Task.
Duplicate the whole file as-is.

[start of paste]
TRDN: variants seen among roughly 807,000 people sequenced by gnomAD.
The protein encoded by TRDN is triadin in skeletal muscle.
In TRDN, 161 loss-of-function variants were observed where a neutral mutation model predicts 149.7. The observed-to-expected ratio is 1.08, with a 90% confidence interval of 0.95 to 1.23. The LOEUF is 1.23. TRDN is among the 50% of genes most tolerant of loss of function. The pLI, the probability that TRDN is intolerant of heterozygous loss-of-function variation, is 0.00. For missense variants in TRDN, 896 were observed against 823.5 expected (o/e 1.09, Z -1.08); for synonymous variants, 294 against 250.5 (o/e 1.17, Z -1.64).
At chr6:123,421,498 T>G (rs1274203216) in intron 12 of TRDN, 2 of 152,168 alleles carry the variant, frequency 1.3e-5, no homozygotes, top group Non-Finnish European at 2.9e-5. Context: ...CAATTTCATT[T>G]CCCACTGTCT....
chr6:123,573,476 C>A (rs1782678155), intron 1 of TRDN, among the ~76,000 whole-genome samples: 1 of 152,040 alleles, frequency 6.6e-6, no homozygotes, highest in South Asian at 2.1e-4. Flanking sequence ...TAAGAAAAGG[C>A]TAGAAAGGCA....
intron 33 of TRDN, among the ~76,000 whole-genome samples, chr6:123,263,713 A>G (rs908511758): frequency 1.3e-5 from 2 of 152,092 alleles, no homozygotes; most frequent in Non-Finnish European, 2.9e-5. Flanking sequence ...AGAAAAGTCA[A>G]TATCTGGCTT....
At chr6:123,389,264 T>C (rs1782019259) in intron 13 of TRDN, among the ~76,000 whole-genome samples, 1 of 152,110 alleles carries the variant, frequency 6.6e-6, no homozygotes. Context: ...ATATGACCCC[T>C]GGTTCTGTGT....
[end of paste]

TRDN: variants seen among roughly 807,000 people sequenced by gnomAD.
The protein encoded by TRDN is triadin in skeletal muscle.
In TRDN, 161 loss-of-function variants were observed where a neutral mutation model predicts 149.7. The observed-to-expected ratio is 1.08, with a 90% confidence interval of 0.95 to 1.23. The LOEUF is 1.23. TRDN is among the 50% of genes most tolerant of loss of function. The pLI, the probability that TRDN is intolerant of heterozygous loss-of-function variation, is 0.00. For missense variants in TRDN, 896 were observed against 823.5 expected (o/e 1.09, Z -1.08); for synonymous variants, 294 against 250.5 (o/e 1.17, Z -1.64).
At chr6:123,421,498 T>G (rs1274203216) in intron 12 of TRDN, 2 of 152,168 alleles carry the variant, frequency 1.3e-5, no homozygotes, top group Non-Finnish European at 2.9e-5. Context: ...CAATTTCATT[T>G]CCCACTGTCT....
chr6:123,573,476 C>A (rs1782678155), intron 1 of TRDN, among the ~76,000 whole-genome samples: 1 of 152,040 alleles, frequency 6.6e-6, no homozygotes, highest in South Asian at 2.1e-4. Flanking sequence ...TAAGAAAAGG[C>A]TAGAAAGGCA....
intron 33 of TRDN, among the ~76,000 whole-genome samples, chr6:123,263,713 A>G (rs908511758): frequency 1.3e-5 from 2 of 152,092 alleles, no homozygotes; most frequent in Non-Finnish European, 2.9e-5. Flanking sequence ...AGAAAAGTCA[A>G]TATCTGGCTT....
At chr6:123,389,264 T>C (rs1782019259) in intron 13 of TRDN, among the ~76,000 whole-genome samples, 1 of 152,110 alleles carries the variant, frequency 6.6e-6, no homozygotes. Context: ...ATATGACCCC[T>C]GGTTCTGTGT....